A team led by Motonari Uesugi, professor and deputy director of Kyoto University's Institute for Integrated Cell-Material Sciences (iCeMS), found that a vitamin D metabolite known as '25-OHD' inhibits proteins that regulate lipid production. Those proteins, called sterol regulatory element-binding proteins (SREBPs), cannot then stimulate expression of lipid-producing genes.
"To our knowledge, this is the first demonstration that 25-OHD inhibits SREBPs," the researchers concluded in their study recently published in Cell Chemical Biology.
Drug companies could develop synthetic analogs of 25-OHD to potentially help regulate lipid production in individuals who lack vitamin D to do this for them.
Vitamin D deficiency is caused by insufficient dietary intake or sunlight exposure, and it is increasing worldwide. It is associated with several bone diseases such as rickets in children and osteoporosis in adults. It is also linked with metabolic disorders and certain types of cancers. But it has been unclear how the lack of vitamin D contributes to metabolic disorders and cancers.
The research team came across 25-OHD while screening an extensive chemical library of endogenous molecules. They were looking for inhibitors of SREBPs, which regulate lipid production, and honed in on 25-hydroxyvitamin D (25-OHD), which is a hydroxylated vitamin D metabolite.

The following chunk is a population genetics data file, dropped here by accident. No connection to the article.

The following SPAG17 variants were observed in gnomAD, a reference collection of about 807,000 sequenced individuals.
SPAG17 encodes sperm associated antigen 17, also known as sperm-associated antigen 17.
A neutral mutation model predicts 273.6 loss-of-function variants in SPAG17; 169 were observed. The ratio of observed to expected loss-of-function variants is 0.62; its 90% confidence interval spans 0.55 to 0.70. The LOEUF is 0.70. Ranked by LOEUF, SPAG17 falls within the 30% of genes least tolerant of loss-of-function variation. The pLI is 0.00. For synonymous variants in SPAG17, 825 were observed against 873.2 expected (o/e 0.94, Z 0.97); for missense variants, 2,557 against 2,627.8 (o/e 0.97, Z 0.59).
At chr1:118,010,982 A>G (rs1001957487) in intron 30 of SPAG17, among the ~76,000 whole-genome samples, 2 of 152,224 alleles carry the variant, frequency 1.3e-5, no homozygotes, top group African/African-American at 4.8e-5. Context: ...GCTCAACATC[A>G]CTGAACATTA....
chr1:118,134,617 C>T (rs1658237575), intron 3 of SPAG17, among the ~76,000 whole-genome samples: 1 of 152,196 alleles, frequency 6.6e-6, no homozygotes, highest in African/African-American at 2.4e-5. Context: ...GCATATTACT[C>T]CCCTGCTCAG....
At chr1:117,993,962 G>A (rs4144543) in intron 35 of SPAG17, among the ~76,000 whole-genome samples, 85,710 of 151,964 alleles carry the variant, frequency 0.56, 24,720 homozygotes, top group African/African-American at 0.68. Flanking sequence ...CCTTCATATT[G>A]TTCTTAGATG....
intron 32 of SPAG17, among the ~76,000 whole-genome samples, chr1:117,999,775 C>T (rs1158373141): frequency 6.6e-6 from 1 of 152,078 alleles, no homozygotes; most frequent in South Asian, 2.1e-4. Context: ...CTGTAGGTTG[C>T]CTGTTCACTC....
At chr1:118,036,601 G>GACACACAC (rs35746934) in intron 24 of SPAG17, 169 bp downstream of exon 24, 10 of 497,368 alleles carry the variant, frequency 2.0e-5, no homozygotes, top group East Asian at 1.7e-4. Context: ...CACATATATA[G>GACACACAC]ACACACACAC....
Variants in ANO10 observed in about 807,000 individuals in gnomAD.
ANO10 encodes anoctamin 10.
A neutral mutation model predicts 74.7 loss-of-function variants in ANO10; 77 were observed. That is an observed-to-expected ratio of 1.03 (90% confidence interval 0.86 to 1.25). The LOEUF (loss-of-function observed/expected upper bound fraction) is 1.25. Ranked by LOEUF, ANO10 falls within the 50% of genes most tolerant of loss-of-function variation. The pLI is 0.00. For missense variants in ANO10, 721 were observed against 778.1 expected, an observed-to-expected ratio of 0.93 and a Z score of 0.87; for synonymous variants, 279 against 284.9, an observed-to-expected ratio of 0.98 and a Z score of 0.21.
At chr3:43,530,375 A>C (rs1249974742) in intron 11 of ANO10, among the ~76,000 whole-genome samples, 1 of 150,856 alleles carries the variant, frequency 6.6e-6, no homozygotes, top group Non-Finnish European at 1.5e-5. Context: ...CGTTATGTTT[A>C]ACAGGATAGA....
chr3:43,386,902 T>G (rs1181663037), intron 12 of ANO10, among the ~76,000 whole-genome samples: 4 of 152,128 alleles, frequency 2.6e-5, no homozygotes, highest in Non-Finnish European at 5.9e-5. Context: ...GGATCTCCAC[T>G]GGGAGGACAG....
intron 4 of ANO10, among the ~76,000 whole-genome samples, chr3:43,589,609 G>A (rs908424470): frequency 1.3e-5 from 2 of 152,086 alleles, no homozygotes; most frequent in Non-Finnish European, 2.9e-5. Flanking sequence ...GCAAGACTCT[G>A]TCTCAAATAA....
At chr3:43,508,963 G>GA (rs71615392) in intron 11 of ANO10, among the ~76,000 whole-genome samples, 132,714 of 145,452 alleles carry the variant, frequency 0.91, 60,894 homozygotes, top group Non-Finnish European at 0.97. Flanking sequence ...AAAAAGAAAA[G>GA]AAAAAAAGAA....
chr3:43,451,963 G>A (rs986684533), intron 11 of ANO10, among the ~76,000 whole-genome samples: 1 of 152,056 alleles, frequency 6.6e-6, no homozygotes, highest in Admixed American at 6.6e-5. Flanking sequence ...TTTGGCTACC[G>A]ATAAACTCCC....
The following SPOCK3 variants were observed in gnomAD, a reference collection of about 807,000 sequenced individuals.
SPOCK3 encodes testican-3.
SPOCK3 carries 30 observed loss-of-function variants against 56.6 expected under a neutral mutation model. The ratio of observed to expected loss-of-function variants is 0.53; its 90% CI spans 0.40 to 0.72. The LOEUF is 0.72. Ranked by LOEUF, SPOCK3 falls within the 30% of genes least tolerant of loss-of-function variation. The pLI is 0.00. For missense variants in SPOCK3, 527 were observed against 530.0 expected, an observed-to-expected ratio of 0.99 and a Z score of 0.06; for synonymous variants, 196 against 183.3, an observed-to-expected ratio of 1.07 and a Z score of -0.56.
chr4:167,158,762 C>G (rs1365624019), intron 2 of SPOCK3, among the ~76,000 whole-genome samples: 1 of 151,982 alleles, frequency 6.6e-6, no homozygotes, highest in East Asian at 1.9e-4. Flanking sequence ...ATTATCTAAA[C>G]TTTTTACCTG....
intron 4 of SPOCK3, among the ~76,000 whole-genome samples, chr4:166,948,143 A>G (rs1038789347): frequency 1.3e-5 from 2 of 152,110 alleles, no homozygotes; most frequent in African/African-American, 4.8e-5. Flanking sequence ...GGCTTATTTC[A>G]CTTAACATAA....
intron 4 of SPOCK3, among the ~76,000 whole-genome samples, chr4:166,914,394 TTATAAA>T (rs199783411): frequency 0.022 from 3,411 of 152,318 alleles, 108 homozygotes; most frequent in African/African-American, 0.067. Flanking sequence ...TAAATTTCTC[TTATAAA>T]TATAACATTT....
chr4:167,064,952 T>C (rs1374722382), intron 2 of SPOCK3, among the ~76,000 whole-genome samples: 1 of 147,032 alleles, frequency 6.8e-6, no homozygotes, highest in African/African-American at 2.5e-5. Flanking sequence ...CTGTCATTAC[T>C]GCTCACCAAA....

The relationship between 25-OHD and lipid levels has been known for more than 20 years. However, 25-OHD has generally been considered biologically inactive.
The researchers found 25-OHD induces the breakdown of SREBP cleavage-activating protein (SCAP), an escort protein required for SREBP activation. They were able to document how 25-OHD degrades SCAP into smaller amino acids.
SREBP and SCAP proteins are increasingly recognized as potential drug targets for cancers and metabolic disorders. Understanding the role 25-OHD plays in the SREBP-SCAP interaction and in lipid regulation could open up new treatment opportunities.
The paper "Vitamin D metabolite, 25-Hydroxyvitamin D, regulates lipid metabolism by inducing degradation of SREBP/SCAP " appeared 26 January 2017 in Cell Chemical Biology, with doi: 10.1016/j.chembiol.2016.12.017
The Institute for Integrated Cell-Material Sciences (iCeMS) at Kyoto University in Japan aims to advance the integration of cell and material sciences, both traditionally strong fields at the university, in a uniquely innovative global research environment. ICeMS combines the biosciences, chemistry, materials science and physics to create materials for mesoscopic cell control and cell-inspired materials. Such developments hold promise for significant advances in medicine, pharmaceutical studies, the environment and industry. http://www.